I certainly think that Mike Breen and Walt Kallestad are right when they say 'High control/low accountability church leadership systems are not working. The preoccupation with programmes, property and products is missing the mark.'

Thursday, November 02, 2006

Welcoming communities

I came upon an interesting US blog (doing my usual morning trawl of my favourite blogsites and links from them) by a US southern baptist minister called Michael Bryant. He can be found at

apropos of nothing as far as I could tell, he blogged this quote last Thursday:

'[C]entral to the Baptist vision of the church is the insistence that the church
must be composed of believers only. That is the distinctive mark of the church
for Baptists and others who fall within the stream of those who advocate what is
sometimes called the gathered church, or more often today, the believers'
church. This mark may also be called the principle of regenerate church
membership.' (Hammett, Biblical Foundations for Baptist Churches, 81-82)

This has always been the distinction between the gathered church and the parish model. The latter argues the church in a neighbourhood if for everyone who lives there, the former that the church is really for believers who covenant to worship together and live lives that are accountable to one another.

In some senses, the gathered model is more New Testament than the parish one. Church was for believers - indeed by the second century when following Jesus was illegal and punishable by death, the key role of deacons was to keep outsiders out.

But in our day, this model is less easy to follow and less attractive. People are more mobile, they choose church from a wide menu of options on the basis of preference (worship style, quality of Sunday School, emphasis in teaching, etc). On top of that, as churches we want to be open so that people who drop in are not only welcomed but drawn in by what we do.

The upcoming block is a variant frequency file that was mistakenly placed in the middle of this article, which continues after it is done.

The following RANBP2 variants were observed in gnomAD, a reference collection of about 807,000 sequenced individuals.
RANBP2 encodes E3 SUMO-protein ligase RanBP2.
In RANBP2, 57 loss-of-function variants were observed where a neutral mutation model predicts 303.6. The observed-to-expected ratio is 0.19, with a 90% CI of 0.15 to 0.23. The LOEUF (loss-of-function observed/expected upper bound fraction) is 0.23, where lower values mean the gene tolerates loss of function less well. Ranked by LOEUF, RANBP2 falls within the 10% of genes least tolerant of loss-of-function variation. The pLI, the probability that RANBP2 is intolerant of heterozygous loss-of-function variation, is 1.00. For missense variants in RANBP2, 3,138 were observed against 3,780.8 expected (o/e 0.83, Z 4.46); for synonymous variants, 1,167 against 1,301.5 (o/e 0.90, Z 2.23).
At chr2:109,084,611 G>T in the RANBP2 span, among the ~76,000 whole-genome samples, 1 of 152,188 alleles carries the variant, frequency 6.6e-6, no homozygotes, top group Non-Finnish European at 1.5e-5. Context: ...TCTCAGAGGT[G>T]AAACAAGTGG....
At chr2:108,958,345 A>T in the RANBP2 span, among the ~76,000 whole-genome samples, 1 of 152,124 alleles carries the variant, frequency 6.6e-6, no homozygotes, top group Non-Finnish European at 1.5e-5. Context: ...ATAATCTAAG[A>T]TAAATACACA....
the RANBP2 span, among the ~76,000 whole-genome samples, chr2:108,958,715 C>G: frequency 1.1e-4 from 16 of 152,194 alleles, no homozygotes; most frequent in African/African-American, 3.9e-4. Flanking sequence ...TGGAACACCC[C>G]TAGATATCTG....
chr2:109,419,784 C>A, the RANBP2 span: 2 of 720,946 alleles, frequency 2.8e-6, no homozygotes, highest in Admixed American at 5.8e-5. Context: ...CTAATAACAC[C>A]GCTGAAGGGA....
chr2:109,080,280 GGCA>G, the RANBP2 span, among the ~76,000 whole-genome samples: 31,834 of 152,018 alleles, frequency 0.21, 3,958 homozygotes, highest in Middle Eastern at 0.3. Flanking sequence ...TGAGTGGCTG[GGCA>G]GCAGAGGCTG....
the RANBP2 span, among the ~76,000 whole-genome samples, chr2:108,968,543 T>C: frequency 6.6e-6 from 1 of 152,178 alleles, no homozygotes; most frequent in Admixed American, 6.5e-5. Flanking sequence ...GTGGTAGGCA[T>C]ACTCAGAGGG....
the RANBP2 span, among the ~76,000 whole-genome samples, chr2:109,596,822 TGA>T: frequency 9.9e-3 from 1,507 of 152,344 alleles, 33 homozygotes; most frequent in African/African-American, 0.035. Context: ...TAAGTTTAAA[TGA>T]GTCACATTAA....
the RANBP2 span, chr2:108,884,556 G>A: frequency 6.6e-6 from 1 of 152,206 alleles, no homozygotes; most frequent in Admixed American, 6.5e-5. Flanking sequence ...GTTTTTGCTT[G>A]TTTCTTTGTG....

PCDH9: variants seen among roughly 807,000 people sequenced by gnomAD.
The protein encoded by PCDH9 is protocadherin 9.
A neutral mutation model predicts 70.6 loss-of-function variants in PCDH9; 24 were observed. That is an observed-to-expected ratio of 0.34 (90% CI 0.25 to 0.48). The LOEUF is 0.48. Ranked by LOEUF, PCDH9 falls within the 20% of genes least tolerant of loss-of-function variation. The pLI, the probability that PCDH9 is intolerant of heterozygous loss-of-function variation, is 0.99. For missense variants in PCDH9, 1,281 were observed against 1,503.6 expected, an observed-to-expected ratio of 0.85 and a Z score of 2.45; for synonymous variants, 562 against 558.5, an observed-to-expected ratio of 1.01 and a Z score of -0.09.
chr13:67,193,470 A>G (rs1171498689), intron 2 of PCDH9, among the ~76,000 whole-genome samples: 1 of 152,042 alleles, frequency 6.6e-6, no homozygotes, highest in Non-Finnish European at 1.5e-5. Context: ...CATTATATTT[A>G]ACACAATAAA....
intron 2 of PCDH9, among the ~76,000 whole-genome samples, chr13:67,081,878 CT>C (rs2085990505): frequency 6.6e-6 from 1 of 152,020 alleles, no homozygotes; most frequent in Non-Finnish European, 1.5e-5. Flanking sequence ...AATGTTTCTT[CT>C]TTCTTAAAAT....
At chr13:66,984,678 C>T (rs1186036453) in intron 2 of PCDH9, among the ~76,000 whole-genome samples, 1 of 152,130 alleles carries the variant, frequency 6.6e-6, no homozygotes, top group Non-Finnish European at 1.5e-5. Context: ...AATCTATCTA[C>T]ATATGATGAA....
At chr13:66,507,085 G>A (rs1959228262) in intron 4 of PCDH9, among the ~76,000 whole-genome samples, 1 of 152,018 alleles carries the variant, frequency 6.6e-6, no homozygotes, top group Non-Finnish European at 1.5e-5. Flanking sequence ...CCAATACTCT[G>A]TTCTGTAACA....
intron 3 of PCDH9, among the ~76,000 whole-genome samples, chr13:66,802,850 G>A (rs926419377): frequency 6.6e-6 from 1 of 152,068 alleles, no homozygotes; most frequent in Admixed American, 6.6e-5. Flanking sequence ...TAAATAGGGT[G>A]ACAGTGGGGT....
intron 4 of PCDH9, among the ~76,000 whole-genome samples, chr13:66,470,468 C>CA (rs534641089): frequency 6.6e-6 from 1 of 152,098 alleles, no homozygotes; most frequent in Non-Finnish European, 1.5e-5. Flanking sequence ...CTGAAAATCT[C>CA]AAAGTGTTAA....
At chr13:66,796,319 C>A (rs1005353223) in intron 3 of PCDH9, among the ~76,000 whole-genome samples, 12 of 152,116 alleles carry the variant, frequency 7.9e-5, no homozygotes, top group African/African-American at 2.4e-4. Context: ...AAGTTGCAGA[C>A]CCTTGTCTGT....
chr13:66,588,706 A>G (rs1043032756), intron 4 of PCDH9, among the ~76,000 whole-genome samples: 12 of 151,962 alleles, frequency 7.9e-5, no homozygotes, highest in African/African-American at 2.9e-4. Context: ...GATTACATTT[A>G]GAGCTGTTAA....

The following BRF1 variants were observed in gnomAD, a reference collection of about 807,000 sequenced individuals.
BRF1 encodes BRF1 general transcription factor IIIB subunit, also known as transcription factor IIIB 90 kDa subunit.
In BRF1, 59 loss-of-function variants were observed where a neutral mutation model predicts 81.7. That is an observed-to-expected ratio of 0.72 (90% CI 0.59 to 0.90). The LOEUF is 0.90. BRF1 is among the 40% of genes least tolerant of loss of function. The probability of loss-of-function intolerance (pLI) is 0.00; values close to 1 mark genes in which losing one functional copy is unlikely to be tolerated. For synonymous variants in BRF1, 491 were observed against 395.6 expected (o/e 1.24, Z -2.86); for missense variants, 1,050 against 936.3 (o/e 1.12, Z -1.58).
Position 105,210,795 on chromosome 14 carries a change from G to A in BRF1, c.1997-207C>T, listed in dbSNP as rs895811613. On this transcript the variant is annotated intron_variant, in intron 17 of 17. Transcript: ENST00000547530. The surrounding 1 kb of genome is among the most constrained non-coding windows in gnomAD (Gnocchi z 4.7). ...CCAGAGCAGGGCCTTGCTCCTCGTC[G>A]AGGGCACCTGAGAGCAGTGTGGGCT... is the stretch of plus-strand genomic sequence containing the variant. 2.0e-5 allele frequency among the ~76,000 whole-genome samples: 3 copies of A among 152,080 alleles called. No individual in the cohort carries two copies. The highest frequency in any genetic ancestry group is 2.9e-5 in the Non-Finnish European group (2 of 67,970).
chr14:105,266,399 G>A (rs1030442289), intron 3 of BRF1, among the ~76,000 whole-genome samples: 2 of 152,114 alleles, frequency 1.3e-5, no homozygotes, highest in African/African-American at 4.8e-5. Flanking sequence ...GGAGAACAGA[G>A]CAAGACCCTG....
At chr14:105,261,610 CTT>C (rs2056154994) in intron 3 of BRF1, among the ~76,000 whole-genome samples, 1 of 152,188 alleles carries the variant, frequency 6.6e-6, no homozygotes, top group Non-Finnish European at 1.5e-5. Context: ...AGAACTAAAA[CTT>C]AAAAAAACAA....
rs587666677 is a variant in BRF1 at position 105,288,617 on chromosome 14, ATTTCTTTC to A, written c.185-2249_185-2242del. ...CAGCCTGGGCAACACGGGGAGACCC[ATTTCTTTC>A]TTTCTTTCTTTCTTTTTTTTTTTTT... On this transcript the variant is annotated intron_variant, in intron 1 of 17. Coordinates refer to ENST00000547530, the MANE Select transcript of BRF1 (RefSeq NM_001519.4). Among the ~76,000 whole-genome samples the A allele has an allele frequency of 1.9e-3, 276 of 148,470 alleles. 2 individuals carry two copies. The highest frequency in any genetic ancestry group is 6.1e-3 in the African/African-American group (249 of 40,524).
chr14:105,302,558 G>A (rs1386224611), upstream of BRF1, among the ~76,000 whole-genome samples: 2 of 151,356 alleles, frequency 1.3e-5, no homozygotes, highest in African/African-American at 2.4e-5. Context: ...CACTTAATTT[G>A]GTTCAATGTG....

This in turn feeds into any conversation we have about membership. If we make everyone who comes feel welcome, go out of our way to include them as fully as possible in the life of the church (inviting them to home groups, asking them to share in the financial upkeep of the fellowship, enabling them to volunteer in exercising ministry in some way through the church), how can we restrict 'membership' to a close inner circle of people who've jumped through a set of hoops we've erected for the purpose?

I want to run as open a fellowship as possible. I hold firmly to the view that people need to belong before they believe (and believe before they behave) and I hold firmly to the view that our fellowship is enriched by Christians with a variety of backgrounds.

So how do I make membership work in the light of this? Answers on a postcard, please...

Wednesday, November 01, 2006

Catching an exhibition

Went to see the Rodin exhibition at the Royal Academy today. I don't know much about him - except the kiss and the thinker - but was impressed by his ability to breathe life into stone. I went with a delightful member of my congregation who made the trip a real joy.

Picked up Philip Jenkins' new book. He wrote The Next Christendom a couple of years ago which is a compelling analysis of the rise of the church in the south. His new one is more of the same, looking at the use of the Bible in the Christianity of the southern hemisphere and coming to some surprising conclusions (apparently). I'm looking forward to it. It's in the qua after I've finished Horrell and a book by Paul McKechnie, a New Zealand-based ancient historian, called The First Three Centuries: perspectives on the Early Church. It's very readable.

We'll be experimenting with new ways of doing members meetings in the new year - following last night's leaders' meeting - in as much as we're going to try having one on a Sunday over lunch.